Getting the Gospel Plough Going
The Case of Hugh Latimer, Bishop of Worcester
by Sam Fornecker
Preaching on the afternoon of June 9, 1536, the Bishop of Worcester, Hugh Latimer (c.1487-1555), cast a startling vision for the reforming of the English pastoral ministry. Startling because it was at the feet of his audience—a crowd including bishops and deans, archdeacons and diocesan clergy—that Latimer laid the responsibility for England’s spiritual decrepitude. Imagine how jolted Latimer’s contemporaries must have felt, after hearing something like this:
[Y]e that be prelates, look well to your office; for right prelating is busy labouring, and not lording. Therefore preach and teach, and let your plough be doing. Ye lords, I say, that live like loiterers, look well to your office; the plough is your office and charge. If you live idle and loiter, you do not your duty, you follow not your vocation: let your plough therefore be going, and not cease, that the ground may bring forth fruit. (WHL, p.65)
For Latimer, the burden of responsibility for England’s reformation rested squarely (from a human point of view!) on the shoulders of her ministers. If England wanted reformation, therefore, she needed reformed ministers. And reformed ministers was precisely what Latimer aimed to provide.
The following year, Latimer issued a “to-do” list for his clergy, called visitation injunctions. What’s striking about this to-do list is how it illuminates one way in which Latimer went about forming reformed ministers: He gave them a crash course in Christian discipleship.
Thankfully, Latimer’s instructions don’t have a sell-by date! The wisdom on offer here, for any Christian, is very much alive. Restoring these practices ourselves, if and when we stray from them, may well prove the first step toward getting the gospel plough going in our own lives and ministries, “that the ground may bring forth fruit” once again.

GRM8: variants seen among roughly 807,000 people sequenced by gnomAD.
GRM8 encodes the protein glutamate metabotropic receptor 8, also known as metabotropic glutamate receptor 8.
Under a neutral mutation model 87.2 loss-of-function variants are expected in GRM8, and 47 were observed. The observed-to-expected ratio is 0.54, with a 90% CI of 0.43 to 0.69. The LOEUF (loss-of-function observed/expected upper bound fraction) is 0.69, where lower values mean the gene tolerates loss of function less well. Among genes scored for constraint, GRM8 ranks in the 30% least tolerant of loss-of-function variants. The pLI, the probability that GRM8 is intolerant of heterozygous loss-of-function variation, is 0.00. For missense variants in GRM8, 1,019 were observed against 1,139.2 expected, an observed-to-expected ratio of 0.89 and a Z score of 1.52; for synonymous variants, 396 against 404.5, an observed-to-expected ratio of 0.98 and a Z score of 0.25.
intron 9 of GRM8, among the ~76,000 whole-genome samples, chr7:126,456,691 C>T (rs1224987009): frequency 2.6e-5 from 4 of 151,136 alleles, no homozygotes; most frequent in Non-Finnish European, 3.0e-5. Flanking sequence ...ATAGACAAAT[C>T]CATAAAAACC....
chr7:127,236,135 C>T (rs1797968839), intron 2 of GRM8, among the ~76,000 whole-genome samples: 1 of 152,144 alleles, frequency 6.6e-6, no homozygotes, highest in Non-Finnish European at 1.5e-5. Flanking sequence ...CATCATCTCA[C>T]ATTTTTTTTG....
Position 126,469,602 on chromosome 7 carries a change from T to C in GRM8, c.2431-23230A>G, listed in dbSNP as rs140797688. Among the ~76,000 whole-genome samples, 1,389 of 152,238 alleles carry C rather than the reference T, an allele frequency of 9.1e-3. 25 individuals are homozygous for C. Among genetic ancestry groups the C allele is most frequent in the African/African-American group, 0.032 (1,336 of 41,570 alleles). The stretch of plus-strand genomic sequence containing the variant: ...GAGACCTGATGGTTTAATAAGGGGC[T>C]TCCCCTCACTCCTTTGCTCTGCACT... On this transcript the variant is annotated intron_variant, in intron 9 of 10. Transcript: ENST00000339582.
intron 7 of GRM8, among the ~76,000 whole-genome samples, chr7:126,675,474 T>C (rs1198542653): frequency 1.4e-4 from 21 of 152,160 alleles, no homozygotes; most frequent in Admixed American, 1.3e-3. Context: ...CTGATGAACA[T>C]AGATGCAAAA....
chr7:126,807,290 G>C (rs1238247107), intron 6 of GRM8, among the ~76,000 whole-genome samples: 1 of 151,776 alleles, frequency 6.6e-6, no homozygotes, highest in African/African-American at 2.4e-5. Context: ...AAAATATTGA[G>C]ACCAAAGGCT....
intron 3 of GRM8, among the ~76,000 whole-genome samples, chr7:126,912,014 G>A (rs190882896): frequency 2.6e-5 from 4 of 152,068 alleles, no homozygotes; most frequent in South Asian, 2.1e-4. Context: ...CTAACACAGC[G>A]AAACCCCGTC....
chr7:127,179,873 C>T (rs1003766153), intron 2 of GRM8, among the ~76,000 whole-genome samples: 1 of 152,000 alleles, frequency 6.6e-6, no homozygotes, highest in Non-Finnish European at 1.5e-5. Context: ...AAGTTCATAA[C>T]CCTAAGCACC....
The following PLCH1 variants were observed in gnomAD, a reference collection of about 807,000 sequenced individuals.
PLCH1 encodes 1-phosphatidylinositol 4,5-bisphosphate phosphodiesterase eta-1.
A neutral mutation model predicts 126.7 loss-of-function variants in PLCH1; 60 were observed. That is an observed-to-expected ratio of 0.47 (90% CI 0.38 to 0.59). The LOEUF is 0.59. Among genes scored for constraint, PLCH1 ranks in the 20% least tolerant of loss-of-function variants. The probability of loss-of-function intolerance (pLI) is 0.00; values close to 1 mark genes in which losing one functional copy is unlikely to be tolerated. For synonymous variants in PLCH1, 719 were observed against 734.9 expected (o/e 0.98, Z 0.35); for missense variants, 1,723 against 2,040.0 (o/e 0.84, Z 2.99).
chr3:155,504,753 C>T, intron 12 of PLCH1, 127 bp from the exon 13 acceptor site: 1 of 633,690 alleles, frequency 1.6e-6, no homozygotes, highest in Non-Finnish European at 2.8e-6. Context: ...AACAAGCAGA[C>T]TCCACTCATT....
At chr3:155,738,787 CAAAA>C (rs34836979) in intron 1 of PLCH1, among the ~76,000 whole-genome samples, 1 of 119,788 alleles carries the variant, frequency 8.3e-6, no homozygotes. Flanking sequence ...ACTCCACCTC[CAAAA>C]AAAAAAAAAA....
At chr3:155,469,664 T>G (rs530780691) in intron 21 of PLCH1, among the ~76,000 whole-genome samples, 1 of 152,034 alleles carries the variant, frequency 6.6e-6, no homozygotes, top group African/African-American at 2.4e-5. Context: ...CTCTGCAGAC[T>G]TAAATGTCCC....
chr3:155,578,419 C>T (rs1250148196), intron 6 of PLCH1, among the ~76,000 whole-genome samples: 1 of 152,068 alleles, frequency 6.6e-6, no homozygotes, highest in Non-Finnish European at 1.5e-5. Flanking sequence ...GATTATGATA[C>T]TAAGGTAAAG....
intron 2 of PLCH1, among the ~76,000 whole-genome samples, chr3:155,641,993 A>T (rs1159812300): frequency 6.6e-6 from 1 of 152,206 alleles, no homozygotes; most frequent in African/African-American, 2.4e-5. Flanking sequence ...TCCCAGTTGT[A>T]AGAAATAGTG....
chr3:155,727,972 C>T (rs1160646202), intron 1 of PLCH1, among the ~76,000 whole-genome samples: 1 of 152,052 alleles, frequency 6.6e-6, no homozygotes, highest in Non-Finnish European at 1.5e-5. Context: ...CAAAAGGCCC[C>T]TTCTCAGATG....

I. “Catechist, catechize thyself!”
Latimer began by calling his clergy to a deeper knowledge of the Scriptures. “Every one of you,” Latimer required, must “have of your own a whole bible, if ye can conveniently, or at the least a new Testament, both in Latin and English, before the feast of the nativity of our Lord next ensuing” (Visitation Articles and Injunctions, 15). Significantly, this was as critical for those whose ministry played out in a community, as it was for those who ministered from the pulpit. Thus, Latimer required the same thing of every member of the convent at St. Mary’s House (VAI, 13). The starting point for an effective ministry was the biblical text, available in a form capable of being rightly understood and shared.
But, Latimer warned, the Bible mustn’t simply decorate the bedside table. Every minister needed to “read over and study every day one chapter at the least, conferring the Latin and the English together, proceeding from the chapter from the beginning of the book to the end, having no necessary let to the contrary” (VAI, 15). In other words, Latimer said, know the Scriptures: study them properly, handle them rightly, wrestle them with every ounce of blood, sweat, and tears you can muster. Read, mark, learn, inwardly digest, as Thomas Cranmer put it: remembering, all the while, that biblical learning (usually conducted in Latin) must benefit the unlearned (who need to hear it in English)!
If having a Bible and studying it properly were not enough, Latimer also exhorted his clergy to catechize—not principally others, interestingly, but themselves! “[N]ot only in preaching and open communication, but also in secret,” Latimer urged them, “say the Pater noster [Our Father], the Creed, and the Ten Commandments” (VAI, 17). Training oneself in these three pillars of classical Christian catechesis was an absolute necessity if one wanted to share the gospel effectively.
In the injunctions, as in his recorded sermons, Latimer presses home the same point: the power that advances the gospel plough is nothing other than the word of God. And the ordinary order in which the word of God does its work is to plough the minister’s heart first.
II. Encourage godly learning
Another key theme in Latimer’s injunctions was the encouragement of the pursuit of godly learning by the laity. This included the study of the Scriptures, but it also extended to the study of literature previously considered the special property of the clergy.
This call to godly learning certainly applied, in appropriate measure, to children. For, once a minister had catechized himself, he would then be in a position to “instruct and teach the children of your parish, such as will come to you at the least, to read English, so that thereby they may the better learn how to believe, how to pray, and to live to God’s pleasure” (VAI, 17).